Although the prevalence of social media may lead us to think there is not much left in life that is private, psychologists and counsellors know that we all have secrets and schemas to which we alone are privy.
In fact, we know that much of our inner life may be outside of even our own awareness. With these thoughts in mind I invite you to consider the second of the cognitive distortions my colleagues and I will be reviewing in this column over the summer – “superstitious thinking”. This follows on Eryn Wicker’s column about the cognitive distortion named “fortune telling”. Remember that cognitive distortions are like a set of lenses through which we filter events.
Here is a common example of superstitious thinking at work. A client who has suffered many set- backs and adversities starts having things go right for a change. People congratulate her. Rather than bask in success this praise feels uncomfortable. Why? Because her superstitious thinking tells her “if things go too good, I just know something awful will follow.” This is akin to thinking that bad things come in threes.
I remember a client telling me that he asked his dad a question: “When are we going to Disneyland?” In response his dad became sombre, took him aside and said “son, your mom and I are getting a divorce. There won’t be any Disneyland.” For years this client thought, “if only I hadn’t asked about Disneyland.” To his child’s mind, asking jinxed the family.
Superstition is essentially magical thinking. The young men in my family were telling me about all the hockey stars that have unusual rituals, essentially superstitions. Don’t shave during playoffs is an example. Is there some real evidence that not shaving contributes to success? Do the Stanley Cup winners have more fulsome beards? Not that I know of. These ideas though, are deeply ingrained in our culture. Certain numbers are bad luck, yes? Certain numbers are lucky numbers.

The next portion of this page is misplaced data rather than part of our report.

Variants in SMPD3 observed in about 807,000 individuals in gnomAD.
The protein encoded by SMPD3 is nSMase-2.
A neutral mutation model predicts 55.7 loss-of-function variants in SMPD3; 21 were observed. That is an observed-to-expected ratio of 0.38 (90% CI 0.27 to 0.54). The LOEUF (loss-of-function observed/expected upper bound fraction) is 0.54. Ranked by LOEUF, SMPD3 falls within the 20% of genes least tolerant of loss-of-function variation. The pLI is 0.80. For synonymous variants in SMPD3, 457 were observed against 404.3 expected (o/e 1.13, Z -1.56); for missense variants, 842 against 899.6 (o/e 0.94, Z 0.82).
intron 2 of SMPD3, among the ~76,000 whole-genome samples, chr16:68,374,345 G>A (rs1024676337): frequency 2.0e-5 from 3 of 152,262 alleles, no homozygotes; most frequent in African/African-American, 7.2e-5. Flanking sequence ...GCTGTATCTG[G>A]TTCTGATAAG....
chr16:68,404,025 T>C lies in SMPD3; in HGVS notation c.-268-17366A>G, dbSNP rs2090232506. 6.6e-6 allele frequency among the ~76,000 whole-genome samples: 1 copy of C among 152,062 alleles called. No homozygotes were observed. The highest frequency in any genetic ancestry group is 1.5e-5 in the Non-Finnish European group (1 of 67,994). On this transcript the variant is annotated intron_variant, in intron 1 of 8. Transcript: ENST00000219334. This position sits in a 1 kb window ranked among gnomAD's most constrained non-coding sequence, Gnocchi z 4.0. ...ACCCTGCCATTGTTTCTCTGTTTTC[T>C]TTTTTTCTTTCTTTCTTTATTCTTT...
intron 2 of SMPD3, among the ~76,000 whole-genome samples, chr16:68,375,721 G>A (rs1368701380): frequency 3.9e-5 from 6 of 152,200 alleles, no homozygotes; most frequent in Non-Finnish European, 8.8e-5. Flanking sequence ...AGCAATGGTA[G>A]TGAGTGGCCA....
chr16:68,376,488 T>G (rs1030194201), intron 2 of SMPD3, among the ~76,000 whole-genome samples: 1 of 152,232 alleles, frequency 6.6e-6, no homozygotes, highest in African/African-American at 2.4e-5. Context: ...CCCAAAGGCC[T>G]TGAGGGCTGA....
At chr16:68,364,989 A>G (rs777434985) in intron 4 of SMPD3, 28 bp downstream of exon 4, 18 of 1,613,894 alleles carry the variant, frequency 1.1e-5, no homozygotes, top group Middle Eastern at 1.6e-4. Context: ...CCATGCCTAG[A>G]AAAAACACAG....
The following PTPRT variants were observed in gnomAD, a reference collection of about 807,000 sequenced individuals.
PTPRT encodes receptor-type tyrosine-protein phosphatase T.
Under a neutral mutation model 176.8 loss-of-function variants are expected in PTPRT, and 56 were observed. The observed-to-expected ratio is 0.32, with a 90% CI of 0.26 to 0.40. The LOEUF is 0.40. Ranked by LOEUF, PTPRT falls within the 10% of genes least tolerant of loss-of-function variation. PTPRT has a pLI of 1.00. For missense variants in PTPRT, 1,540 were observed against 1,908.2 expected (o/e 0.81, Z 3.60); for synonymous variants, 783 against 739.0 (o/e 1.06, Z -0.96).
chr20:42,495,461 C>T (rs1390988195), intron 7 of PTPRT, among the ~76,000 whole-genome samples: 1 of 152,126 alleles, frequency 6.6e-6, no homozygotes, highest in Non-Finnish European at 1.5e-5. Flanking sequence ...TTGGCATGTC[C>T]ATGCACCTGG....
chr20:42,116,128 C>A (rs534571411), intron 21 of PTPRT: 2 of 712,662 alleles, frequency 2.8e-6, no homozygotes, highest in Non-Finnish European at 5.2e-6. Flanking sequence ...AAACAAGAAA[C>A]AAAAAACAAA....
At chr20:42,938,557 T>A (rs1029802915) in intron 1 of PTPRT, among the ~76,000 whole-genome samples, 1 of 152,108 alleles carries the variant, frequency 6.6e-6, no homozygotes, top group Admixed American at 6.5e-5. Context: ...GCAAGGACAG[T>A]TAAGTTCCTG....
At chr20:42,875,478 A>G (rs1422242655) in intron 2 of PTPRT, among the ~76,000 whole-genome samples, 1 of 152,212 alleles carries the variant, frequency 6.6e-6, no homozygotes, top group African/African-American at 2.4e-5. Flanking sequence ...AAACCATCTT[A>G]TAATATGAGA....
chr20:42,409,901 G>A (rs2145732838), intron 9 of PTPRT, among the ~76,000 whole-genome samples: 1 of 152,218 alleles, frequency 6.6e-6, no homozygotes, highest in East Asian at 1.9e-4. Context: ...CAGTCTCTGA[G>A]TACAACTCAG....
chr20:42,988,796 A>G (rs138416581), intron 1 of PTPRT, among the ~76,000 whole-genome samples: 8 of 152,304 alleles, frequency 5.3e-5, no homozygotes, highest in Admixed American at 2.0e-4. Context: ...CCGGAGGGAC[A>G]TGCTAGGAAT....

It is no surprise that so many of us have superstitions. Perhaps most of them are harmless. As children we draw conclusions on limited evidence and these habits of mind follow us into adulthood. These are abetted by a culture that supports the notion of “luck” without helping us to understand chance, probability and the concept of randomness.
Our adult brains know that things happen for a reason. Sometimes we can’t understand but most mysteries have explanations. We know that life guided by superstitions is a hallmark of less developed and less well educated cultures. So what are we to do?
First, screen your own attributions. An easy test is to ask yourself, when things go wrong do you look for rational reasons or do you think “I just knew this would happen”. If you really knew it was going to happen, why didn’t you do something about it? Superstition presents the luxury of not taking responsibility.
Second, we need to look at how we talk to children about adversity and good fortune. Most of us will, over a lifetime have some adversity and unfairness. Some will have more than others. It doesn’t mean one is jinxed and another is destined to privilege. Starting from a young age children can be taught to look for rational explanations and to understand cause and effect. This leaves them less prone to “make up” reasons, which is essentially the province of superstition.
Dr. Rob Lees, R.Psych is the Community Psychologist for the Ministry for Children and Family Development in Chilliwack.